Father Frank happily lived a life of personal sacrifice and denial of certain physical pleasures. He considered these sacrifices to be worthwhile due to his life being in service to something he felt to be greater than himself. As a priest of the Roman Catholic Church he made every effort to live the best life he felt a human being was capable of living in order to be certain of his place in Heaven.

That was a development of the past fifteen years. The twenty years before that had been spent living a life of Sin.

As a result of his dedication he made every effort to treat all people he came in contact with respectfully. He strove daily to serve as an example to any member of the community he could, regardless of their religious affiliation.

One of the very few guilty pleasures he looked forward to was the smell of fresh coffee wafting from the kitchen in the annex to the main Church at 6:30am Saturday mornings. The weekly meeting of the men’s prayer and discussion group was something he used to arrive at early enough to provide everyone else with that olfactory welcome.

In recent weeks one of the parishioners had been taking over the task. Frank considered this to be a fantastic treat. If coffee were a Sin he knew he would have real professional problems.

Approaching the door to the annex he couldn’t help but notice it was time to paint again. The New England winter months did take their toll on the exterior of the Church.

Making his way to the kitchen he saw George, “Good morning George. You beat me here again. Thank you for bringing some muffins as well. Someday I will figure out how you carry all this and still use that cane,” he said with a smile.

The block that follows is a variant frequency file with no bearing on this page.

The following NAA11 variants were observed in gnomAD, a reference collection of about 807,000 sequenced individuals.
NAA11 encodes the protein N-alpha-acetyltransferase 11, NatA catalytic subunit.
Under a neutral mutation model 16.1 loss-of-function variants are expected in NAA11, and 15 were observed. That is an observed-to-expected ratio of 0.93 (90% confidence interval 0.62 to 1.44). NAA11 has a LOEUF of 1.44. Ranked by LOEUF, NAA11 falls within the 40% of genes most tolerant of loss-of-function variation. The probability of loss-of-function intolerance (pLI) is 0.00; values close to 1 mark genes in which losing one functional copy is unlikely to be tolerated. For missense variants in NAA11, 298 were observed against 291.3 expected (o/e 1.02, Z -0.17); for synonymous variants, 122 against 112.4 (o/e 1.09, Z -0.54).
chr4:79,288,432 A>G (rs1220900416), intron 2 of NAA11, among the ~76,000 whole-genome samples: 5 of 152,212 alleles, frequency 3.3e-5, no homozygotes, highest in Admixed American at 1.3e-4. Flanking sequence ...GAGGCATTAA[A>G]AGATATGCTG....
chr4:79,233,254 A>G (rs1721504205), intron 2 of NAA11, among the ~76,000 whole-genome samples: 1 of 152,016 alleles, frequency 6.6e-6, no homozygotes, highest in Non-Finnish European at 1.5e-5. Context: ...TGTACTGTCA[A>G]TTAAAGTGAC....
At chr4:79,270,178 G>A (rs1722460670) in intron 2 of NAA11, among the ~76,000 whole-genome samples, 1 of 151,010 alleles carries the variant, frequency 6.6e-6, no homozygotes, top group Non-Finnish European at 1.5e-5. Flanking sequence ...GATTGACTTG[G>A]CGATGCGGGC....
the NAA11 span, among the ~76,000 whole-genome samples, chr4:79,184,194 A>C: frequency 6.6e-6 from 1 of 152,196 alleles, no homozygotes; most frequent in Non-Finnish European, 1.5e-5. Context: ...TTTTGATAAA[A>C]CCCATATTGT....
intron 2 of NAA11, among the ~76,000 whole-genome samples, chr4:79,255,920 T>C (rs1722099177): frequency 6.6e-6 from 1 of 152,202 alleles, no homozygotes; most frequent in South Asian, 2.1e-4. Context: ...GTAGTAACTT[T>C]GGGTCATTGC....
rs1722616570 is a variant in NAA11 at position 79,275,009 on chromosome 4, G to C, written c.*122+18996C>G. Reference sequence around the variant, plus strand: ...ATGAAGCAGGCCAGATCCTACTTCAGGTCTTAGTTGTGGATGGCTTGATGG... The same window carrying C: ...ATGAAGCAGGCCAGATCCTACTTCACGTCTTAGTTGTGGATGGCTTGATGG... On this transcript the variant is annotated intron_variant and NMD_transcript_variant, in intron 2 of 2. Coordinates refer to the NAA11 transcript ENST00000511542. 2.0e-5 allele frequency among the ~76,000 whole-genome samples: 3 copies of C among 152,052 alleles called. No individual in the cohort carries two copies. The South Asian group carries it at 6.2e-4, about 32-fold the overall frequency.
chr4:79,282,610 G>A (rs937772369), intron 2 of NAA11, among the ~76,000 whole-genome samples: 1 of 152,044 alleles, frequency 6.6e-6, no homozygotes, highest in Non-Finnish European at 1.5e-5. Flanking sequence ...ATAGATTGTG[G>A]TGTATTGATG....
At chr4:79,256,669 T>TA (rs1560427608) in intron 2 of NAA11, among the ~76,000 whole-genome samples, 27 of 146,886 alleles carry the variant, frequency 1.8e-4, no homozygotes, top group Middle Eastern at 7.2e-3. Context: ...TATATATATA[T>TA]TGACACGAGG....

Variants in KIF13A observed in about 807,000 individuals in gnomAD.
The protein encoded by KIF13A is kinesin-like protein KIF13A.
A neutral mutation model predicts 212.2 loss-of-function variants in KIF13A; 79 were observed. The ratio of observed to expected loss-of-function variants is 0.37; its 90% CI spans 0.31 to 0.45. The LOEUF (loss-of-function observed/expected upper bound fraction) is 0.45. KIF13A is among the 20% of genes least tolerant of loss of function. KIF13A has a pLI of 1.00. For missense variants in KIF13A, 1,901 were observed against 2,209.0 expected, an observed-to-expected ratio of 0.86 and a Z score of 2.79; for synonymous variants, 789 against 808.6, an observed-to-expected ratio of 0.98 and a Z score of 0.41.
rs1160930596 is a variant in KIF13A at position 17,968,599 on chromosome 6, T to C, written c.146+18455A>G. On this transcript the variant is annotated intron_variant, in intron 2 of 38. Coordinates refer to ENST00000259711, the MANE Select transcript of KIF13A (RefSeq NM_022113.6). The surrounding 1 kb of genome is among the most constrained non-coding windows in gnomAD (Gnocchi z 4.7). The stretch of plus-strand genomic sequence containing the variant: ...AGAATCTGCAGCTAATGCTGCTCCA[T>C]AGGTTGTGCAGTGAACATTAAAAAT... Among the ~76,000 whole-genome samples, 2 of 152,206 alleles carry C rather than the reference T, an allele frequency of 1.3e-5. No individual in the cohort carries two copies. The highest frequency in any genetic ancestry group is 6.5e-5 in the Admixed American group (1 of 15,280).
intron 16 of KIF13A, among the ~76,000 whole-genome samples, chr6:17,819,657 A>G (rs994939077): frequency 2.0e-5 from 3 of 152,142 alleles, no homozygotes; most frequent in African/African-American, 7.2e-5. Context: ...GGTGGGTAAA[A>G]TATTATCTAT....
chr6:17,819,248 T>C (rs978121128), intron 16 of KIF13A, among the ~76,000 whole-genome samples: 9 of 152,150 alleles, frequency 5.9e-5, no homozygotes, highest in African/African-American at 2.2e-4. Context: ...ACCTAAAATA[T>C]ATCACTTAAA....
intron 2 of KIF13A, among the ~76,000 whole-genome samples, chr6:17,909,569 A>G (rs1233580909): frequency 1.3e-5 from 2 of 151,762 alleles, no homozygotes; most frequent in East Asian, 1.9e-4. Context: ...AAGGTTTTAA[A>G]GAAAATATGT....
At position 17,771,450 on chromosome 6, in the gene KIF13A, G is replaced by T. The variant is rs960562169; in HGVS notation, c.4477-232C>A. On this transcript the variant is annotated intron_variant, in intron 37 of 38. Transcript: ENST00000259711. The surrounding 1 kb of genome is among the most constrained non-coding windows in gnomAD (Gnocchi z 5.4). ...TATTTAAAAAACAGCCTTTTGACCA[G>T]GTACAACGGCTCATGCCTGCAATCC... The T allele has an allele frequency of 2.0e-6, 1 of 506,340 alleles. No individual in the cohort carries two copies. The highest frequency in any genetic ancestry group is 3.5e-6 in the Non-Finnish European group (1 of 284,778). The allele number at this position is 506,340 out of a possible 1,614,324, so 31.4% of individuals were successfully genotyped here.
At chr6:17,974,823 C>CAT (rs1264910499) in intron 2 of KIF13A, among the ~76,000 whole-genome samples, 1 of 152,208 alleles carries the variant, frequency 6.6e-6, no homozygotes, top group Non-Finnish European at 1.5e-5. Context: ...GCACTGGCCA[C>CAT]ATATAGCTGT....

“Just one more time I want to offer my condolences on the passing of your wife. These past two months must have been a daily challenge. However, it does appear as though you are starting to move on with your life, and I think that is very positive,” said the Priest.

George had been an active parishioner at Saint Michael’s for almost four decades. After the recent passing of his wife he was seen at various Parish activities more than he was at home.

“Thank you, Father,” he said. “I have been feeling a little better each and every day. The first week was possibly the most difficult week of my life. I still sometimes wake up at night and think she will be there right beside me. I guess forty one years with the same woman makes it hard to get used to not having anyone there next to you. The Matheson household was a much better place for her presence. She was the reason I am the man that I am. She challenged me and made me strive to be the best person I could be while she was part of my life,” the old man’s voice quivered slightly as he spoke about his late wife.